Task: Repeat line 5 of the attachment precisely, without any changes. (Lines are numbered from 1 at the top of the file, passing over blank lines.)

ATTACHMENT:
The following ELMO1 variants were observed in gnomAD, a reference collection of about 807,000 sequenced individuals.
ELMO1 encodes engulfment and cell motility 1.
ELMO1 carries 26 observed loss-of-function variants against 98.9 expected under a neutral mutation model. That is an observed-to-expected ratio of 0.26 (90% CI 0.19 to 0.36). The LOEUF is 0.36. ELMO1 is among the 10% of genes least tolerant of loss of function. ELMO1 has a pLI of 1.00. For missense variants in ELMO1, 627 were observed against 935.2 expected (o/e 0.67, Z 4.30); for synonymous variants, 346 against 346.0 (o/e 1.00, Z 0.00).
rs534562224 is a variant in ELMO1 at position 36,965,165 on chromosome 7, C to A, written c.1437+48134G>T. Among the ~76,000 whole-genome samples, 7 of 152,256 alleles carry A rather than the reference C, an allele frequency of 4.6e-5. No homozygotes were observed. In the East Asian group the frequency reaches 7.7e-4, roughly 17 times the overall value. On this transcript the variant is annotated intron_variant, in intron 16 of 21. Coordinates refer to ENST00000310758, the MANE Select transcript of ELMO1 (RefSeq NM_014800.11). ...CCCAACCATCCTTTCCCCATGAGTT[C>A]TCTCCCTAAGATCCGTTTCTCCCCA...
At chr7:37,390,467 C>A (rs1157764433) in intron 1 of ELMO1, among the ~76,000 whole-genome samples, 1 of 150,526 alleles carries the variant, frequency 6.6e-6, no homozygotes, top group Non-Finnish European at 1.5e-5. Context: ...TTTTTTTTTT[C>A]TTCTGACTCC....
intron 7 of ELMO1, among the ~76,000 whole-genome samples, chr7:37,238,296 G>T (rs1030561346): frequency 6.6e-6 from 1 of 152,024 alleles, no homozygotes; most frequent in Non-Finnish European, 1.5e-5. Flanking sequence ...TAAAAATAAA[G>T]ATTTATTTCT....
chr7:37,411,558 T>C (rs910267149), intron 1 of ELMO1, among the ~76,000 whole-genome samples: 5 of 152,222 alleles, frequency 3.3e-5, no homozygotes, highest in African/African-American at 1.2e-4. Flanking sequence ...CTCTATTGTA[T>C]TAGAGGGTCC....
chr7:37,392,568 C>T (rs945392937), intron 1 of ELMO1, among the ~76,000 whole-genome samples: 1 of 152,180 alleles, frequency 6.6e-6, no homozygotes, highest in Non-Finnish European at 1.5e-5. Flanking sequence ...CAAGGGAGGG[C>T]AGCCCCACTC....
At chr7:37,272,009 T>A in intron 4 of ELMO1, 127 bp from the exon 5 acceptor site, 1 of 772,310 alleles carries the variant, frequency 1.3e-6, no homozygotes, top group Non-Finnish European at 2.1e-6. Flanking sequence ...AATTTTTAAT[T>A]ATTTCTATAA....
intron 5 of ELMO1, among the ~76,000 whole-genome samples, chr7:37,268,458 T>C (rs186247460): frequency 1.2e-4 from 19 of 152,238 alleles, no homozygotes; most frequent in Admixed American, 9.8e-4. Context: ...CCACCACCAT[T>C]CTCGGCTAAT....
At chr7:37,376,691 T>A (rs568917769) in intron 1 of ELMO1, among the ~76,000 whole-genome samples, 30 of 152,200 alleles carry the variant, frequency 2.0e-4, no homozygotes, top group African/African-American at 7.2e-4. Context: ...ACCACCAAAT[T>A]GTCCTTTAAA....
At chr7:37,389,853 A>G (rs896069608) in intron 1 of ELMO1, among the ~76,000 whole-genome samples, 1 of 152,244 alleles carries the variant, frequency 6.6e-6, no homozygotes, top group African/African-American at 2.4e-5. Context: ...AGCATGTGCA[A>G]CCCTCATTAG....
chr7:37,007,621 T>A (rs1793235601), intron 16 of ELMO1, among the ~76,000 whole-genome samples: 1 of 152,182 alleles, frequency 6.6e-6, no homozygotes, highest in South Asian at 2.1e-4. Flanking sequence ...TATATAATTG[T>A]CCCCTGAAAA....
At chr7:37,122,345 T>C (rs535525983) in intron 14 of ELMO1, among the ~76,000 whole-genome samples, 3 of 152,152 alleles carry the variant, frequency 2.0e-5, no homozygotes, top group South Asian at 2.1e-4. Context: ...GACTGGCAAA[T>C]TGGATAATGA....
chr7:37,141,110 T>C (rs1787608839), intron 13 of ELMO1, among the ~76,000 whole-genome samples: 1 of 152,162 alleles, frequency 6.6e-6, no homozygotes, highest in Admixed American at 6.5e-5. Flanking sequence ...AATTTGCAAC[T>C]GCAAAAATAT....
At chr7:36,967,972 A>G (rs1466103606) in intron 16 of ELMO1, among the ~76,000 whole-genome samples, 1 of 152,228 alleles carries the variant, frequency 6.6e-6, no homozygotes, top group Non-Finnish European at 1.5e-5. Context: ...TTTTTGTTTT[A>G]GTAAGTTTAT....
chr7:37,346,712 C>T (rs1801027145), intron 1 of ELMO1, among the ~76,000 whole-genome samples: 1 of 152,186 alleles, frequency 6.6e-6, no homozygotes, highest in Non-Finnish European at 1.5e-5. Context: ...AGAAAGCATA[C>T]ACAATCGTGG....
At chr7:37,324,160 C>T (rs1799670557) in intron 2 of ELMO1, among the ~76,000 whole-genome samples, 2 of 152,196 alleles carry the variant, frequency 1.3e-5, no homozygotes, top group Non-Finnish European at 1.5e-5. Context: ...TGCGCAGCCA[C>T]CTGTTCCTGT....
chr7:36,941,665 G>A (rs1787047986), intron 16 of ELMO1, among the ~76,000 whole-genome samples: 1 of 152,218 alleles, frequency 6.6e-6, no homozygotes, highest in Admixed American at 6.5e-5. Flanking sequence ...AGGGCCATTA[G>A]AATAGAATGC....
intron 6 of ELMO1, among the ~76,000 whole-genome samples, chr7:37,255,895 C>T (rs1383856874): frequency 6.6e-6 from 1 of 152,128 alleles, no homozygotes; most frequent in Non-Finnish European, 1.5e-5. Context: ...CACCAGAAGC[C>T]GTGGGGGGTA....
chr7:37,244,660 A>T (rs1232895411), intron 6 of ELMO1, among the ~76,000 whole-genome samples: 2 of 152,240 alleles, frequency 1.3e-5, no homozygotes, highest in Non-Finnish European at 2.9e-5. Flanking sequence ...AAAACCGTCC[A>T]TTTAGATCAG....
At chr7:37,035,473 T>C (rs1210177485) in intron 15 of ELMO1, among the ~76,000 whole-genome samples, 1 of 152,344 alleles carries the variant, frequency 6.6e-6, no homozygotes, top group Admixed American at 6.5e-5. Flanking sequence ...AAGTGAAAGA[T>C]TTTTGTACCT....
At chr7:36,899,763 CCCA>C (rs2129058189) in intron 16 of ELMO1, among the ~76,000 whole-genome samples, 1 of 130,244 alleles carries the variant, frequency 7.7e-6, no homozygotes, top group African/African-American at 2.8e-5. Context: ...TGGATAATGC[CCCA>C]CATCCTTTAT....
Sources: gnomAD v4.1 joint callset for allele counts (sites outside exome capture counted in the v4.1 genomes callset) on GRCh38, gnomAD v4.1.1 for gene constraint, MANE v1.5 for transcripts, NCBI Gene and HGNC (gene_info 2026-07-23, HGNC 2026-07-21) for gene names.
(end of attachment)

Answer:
At chr7:37,390,467 C>A (rs1157764433) in intron 1 of ELMO1, among the ~76,000 whole-genome samples, 1 of 150,526 alleles carries the variant, frequency 6.6e-6, no homozygotes, top group Non-Finnish European at 1.5e-5. Context: ...TTTTTTTTTT[C>A]TTCTGACTCC....